Author: Hollis Seamon
Info: Algonquin Young Readers, copyright 2013, 239 pages
Chemo, radiation, a zillion surgeries, watching my mom age twenty years in twenty months: if that’s part of the Big Dude’s plan, then it’s pretty obvious, isn’t it? Somebody Up There Hates You.
SUTHY has landed me here in this hospice, where we—that’s me and Sylvie—are the only people under 30 in the whole place, sweartogod. But I’m not dead yet. I still need to keep things interesting. Sylvie, too. I mean, we’re kids, hospice-hostages or not. We freak out visitors; I get my uncle to sneak me out for one insane Halloween night. Stuff like that. And Sylvie wants to make things even more interesting. That girl’s got big plans.
Only Sylvie’s father is so nuclear-blasted by what’s happened to his little girl, he glows orange, I swear. That’s one scary man, and he’s not real fond of me. So we got a major family feud going on, right here in hospice. DO NOT CROSS line running down the middle of the hall, me on one side, her on the other. It’s crazy.
In the middle of all of this, really, there’s just me and Sylvie, a guy and a girl. And we want to live, in our way, by our own rules, in whatever time we’ve got. We will pack in some living before we go, trust me.
So...this is a book about sick kids. Nothing new there. In fact it often feels like this story has been told enough. But Seamon's sick kids seemed real. The story seemed truthful and not just for the teens. The parents are heartbroken, frustrated, and angry. Oh are they angry. Their anger is infuriating and terrifying, but it's raw and so close to the surface. The teens don't have witty dialogue to make lite of a tough situation. They're annoying and thoughtless. They're stubborn and fierce. They're teenagers.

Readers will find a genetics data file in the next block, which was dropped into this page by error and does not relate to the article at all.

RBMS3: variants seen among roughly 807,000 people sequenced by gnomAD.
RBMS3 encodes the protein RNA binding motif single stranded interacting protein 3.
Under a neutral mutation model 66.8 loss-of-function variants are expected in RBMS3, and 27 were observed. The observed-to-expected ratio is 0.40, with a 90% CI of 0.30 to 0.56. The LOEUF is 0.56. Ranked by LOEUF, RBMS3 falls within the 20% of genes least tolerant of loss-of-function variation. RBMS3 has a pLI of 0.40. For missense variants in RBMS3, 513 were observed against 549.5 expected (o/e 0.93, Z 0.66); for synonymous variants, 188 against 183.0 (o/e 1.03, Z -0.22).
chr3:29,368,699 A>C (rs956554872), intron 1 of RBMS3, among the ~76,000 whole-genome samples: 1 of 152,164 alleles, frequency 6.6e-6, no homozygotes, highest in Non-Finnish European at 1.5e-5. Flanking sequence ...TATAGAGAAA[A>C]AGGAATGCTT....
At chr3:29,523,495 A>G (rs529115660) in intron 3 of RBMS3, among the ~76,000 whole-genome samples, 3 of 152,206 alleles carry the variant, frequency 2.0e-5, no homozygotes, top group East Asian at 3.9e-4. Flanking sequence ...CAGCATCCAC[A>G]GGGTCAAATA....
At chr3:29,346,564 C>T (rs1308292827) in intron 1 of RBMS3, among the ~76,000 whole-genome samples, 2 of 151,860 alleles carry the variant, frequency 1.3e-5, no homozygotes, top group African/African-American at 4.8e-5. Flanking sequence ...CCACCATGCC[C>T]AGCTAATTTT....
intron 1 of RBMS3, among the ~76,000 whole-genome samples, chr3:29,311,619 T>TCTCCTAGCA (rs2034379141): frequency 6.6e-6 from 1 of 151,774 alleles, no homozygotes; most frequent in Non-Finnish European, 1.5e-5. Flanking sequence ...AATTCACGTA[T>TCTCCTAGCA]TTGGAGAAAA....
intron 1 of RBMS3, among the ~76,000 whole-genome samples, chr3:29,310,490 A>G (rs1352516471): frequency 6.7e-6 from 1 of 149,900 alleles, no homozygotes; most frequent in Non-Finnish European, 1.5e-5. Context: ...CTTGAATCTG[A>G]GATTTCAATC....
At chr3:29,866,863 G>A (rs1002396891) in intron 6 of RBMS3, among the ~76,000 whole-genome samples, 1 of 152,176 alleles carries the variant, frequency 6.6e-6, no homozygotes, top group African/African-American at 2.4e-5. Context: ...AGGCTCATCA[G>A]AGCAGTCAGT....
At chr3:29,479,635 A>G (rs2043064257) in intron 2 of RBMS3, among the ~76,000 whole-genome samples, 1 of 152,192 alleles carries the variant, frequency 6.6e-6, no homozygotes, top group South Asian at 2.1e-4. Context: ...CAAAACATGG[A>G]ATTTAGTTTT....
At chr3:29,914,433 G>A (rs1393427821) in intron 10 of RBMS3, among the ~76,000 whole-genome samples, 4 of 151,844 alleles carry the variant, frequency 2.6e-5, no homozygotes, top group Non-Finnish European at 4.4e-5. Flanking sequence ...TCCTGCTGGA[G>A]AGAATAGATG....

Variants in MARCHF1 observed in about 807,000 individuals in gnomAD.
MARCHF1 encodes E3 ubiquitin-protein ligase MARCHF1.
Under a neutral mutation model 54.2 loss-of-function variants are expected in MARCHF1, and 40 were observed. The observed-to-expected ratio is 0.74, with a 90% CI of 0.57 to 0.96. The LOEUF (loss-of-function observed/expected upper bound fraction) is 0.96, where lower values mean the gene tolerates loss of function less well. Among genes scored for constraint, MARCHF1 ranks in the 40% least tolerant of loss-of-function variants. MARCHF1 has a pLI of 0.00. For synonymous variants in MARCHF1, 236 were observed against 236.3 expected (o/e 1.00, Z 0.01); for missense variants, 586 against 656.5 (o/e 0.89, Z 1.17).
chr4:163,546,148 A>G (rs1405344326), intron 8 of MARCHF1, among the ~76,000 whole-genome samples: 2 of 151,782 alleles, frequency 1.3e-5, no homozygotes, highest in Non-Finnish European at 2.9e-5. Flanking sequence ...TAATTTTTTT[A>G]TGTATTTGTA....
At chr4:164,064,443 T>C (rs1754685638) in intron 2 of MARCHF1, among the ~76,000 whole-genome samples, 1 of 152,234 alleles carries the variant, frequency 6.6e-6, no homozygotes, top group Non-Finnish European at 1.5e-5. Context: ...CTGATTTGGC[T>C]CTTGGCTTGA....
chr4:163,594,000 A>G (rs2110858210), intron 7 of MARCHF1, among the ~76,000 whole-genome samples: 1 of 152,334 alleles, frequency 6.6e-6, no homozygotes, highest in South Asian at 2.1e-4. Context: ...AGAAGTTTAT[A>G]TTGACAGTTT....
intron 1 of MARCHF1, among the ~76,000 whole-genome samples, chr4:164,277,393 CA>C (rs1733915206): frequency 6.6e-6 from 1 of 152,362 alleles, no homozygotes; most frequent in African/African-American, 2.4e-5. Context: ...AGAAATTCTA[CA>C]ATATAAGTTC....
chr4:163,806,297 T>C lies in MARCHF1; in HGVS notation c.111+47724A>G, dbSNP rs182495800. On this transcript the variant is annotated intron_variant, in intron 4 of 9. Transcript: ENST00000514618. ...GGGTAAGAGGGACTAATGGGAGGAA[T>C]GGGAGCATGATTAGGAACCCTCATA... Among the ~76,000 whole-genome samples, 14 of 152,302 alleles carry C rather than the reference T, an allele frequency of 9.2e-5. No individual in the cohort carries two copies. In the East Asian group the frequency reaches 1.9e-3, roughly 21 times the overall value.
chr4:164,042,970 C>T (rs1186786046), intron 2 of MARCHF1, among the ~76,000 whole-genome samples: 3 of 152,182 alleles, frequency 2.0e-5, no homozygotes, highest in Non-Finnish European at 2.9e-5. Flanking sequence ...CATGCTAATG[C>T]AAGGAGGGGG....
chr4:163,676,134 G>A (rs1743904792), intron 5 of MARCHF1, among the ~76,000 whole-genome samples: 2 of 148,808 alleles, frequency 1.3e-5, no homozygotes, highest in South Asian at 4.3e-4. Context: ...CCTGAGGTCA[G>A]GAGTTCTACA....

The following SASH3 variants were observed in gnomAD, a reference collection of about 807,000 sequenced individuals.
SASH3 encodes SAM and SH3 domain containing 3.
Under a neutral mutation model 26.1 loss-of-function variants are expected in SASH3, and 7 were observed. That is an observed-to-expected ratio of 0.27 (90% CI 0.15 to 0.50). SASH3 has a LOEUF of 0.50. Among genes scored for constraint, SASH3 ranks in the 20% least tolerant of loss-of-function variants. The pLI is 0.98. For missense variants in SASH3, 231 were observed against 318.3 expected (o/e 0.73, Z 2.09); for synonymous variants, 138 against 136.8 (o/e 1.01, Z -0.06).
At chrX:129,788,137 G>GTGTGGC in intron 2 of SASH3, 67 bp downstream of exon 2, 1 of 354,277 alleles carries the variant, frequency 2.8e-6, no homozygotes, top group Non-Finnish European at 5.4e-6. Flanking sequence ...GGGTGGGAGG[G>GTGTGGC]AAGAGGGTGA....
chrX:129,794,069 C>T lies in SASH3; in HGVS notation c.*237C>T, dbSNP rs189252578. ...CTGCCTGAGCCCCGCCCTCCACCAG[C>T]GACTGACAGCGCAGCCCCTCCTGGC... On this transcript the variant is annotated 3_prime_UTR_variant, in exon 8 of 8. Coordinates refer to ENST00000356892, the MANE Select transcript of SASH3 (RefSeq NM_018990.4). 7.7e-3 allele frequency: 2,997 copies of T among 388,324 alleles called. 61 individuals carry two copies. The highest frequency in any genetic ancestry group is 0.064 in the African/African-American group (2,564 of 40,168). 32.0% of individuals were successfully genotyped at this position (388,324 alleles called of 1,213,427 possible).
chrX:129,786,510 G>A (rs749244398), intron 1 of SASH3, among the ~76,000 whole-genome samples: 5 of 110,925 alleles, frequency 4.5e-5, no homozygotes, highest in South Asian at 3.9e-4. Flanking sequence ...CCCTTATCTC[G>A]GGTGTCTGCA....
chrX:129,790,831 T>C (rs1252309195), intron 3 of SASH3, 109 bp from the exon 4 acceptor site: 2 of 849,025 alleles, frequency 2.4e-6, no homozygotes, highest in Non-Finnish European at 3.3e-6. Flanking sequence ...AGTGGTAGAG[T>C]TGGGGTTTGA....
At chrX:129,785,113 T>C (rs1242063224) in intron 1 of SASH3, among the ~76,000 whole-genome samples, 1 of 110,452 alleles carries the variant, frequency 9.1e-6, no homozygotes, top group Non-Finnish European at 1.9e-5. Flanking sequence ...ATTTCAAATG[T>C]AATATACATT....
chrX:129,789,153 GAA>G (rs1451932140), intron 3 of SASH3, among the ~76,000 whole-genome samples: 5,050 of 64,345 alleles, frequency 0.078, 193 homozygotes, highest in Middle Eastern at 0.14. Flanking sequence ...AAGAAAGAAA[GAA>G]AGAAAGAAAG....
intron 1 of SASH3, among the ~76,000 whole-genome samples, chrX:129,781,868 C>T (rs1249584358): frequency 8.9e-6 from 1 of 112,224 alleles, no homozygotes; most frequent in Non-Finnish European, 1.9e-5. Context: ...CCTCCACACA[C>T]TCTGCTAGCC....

The Not So Awesome
I don't have anything against the book really. There weren't any moments when I felt the not-so-awesome beast rearing it's awful head. I wasn't too fond of the extremely long paragraphs, but that's a minor issue. And I think there could have been a bit more with the character development. I got a good feel for Richard (probably because the book is living in his head) but for playing such an important part in the story, I never felt like I got to know Sylvie a all, just from Richard's limited view. Nothing she said and nothing she did showed too much personality.
Overall, not the best book I've read, but definitely not the worst. Sure, people are going to compare this to The Fault in Our Stars. I didn't. They were alike in that a young boy and girl are facing death, but the story lines aren't really similar.